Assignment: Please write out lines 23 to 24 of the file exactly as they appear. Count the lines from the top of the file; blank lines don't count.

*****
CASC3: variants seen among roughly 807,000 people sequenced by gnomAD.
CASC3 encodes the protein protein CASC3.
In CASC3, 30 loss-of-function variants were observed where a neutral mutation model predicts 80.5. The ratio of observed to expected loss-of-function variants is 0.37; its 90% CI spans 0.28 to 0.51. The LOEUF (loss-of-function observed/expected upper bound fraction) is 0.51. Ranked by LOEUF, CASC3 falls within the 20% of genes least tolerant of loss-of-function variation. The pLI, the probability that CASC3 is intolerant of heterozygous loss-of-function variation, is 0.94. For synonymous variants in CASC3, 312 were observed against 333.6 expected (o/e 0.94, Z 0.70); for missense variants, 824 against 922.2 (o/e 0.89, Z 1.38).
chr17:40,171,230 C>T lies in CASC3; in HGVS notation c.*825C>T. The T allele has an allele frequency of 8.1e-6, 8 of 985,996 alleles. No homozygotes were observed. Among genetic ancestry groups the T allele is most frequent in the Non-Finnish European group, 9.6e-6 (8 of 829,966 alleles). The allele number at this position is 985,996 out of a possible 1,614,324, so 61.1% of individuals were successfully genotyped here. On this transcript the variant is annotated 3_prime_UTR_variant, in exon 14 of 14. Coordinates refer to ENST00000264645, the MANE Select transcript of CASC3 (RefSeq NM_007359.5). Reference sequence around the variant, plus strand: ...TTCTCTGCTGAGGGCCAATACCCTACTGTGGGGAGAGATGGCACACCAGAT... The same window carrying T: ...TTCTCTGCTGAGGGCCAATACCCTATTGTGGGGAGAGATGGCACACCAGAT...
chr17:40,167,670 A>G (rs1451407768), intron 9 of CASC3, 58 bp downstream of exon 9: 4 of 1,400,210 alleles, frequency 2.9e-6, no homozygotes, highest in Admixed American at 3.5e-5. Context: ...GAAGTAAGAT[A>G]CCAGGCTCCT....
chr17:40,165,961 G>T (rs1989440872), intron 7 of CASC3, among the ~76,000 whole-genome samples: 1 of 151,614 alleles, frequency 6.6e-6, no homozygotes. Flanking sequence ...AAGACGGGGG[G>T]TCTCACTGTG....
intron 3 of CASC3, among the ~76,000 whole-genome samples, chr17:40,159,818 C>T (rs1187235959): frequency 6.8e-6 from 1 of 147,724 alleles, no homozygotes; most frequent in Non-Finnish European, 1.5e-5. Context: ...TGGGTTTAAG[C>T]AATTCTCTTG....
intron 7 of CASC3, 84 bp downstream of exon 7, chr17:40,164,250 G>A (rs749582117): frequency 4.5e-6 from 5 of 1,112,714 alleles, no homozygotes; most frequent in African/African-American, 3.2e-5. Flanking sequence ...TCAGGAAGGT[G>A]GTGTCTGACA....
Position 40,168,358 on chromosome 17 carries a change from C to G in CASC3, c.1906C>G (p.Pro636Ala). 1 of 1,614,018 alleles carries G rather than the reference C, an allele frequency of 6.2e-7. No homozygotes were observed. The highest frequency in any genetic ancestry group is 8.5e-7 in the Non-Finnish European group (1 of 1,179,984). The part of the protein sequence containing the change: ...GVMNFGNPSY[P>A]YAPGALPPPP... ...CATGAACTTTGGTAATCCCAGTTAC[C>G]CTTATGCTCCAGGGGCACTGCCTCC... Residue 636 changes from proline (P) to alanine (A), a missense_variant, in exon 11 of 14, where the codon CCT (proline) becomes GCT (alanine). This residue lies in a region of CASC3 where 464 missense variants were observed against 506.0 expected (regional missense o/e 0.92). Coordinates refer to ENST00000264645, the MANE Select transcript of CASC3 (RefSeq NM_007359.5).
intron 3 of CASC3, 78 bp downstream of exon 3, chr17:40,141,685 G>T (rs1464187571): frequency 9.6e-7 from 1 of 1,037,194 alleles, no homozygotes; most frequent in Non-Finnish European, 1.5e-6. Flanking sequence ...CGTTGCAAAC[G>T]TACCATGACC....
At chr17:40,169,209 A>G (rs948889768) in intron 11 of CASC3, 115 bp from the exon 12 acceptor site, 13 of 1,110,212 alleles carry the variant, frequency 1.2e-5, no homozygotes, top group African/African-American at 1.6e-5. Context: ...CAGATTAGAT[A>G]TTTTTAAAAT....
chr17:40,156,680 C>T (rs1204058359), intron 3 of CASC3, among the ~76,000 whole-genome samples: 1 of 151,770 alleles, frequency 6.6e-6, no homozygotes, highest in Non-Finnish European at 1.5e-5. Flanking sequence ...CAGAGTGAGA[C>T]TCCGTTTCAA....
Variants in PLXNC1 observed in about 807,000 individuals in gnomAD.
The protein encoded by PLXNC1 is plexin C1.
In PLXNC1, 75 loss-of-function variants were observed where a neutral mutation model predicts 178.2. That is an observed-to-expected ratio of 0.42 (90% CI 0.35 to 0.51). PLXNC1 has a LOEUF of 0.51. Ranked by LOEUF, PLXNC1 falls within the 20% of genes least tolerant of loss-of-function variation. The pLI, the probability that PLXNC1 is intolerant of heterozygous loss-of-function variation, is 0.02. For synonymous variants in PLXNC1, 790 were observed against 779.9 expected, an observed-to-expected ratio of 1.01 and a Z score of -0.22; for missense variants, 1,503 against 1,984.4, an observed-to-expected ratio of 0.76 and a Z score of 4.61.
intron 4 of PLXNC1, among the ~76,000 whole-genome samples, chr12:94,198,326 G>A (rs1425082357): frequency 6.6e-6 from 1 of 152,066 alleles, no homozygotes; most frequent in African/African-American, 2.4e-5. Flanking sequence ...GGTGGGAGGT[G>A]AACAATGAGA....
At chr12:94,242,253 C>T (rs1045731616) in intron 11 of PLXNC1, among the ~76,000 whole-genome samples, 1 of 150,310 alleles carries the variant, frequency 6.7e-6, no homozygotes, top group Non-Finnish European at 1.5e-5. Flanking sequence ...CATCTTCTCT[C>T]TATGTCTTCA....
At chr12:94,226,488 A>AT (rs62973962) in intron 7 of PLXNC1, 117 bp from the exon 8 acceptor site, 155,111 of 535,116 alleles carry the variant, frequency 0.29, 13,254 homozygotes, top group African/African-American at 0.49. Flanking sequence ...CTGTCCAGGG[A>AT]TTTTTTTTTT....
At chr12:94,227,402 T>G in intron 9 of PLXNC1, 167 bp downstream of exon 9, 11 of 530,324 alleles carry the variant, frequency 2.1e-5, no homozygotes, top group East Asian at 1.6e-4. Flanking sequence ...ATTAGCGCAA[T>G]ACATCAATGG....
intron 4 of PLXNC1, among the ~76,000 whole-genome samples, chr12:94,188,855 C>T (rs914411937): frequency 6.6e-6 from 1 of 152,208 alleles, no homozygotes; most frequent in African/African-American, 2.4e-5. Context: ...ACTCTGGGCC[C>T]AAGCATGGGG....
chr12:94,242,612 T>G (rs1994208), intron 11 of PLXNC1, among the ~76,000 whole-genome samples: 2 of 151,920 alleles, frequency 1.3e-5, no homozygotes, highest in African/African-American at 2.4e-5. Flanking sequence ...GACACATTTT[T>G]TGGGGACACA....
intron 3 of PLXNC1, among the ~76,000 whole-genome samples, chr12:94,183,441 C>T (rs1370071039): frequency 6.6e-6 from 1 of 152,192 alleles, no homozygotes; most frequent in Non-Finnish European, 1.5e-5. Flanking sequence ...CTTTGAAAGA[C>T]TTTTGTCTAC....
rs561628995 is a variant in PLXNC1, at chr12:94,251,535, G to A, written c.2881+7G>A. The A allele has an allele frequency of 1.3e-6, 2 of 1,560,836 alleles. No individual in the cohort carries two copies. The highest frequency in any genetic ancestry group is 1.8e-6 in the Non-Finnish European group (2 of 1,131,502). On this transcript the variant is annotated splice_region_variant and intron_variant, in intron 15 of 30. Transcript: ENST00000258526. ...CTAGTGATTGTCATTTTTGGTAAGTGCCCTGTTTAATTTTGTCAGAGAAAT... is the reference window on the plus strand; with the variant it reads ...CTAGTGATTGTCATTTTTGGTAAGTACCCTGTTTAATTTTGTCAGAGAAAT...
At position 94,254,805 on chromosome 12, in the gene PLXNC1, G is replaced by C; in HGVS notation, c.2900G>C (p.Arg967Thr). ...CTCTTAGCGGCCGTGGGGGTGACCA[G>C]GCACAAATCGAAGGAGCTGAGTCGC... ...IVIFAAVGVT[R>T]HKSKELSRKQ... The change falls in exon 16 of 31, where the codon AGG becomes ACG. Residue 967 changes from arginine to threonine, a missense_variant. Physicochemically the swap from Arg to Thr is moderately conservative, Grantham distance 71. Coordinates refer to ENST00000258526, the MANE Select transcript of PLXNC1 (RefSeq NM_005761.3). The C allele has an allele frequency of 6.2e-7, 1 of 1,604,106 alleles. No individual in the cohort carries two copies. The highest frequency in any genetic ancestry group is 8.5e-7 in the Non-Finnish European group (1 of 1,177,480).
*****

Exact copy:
rs561628995 is a variant in PLXNC1, at chr12:94,251,535, G to A, written c.2881+7G>A. The A allele has an allele frequency of 1.3e-6, 2 of 1,560,836 alleles. No individual in the cohort carries two copies. The highest frequency in any genetic ancestry group is 1.8e-6 in the Non-Finnish European group (2 of 1,131,502). On this transcript the variant is annotated splice_region_variant and intron_variant, in intron 15 of 30. Transcript: ENST00000258526. ...CTAGTGATTGTCATTTTTGGTAAGTGCCCTGTTTAATTTTGTCAGAGAAAT... is the reference window on the plus strand; with the variant it reads ...CTAGTGATTGTCATTTTTGGTAAGTACCCTGTTTAATTTTGTCAGAGAAAT...
At position 94,254,805 on chromosome 12, in the gene PLXNC1, G is replaced by C; in HGVS notation, c.2900G>C (p.Arg967Thr). ...CTCTTAGCGGCCGTGGGGGTGACCA[G>C]GCACAAATCGAAGGAGCTGAGTCGC... ...IVIFAAVGVT[R>T]HKSKELSRKQ... The change falls in exon 16 of 31, where the codon AGG becomes ACG. Residue 967 changes from arginine to threonine, a missense_variant. Physicochemically the swap from Arg to Thr is moderately conservative, Grantham distance 71. Coordinates refer to ENST00000258526, the MANE Select transcript of PLXNC1 (RefSeq NM_005761.3). The C allele has an allele frequency of 6.2e-7, 1 of 1,604,106 alleles. No individual in the cohort carries two copies. The highest frequency in any genetic ancestry group is 8.5e-7 in the Non-Finnish European group (1 of 1,177,480).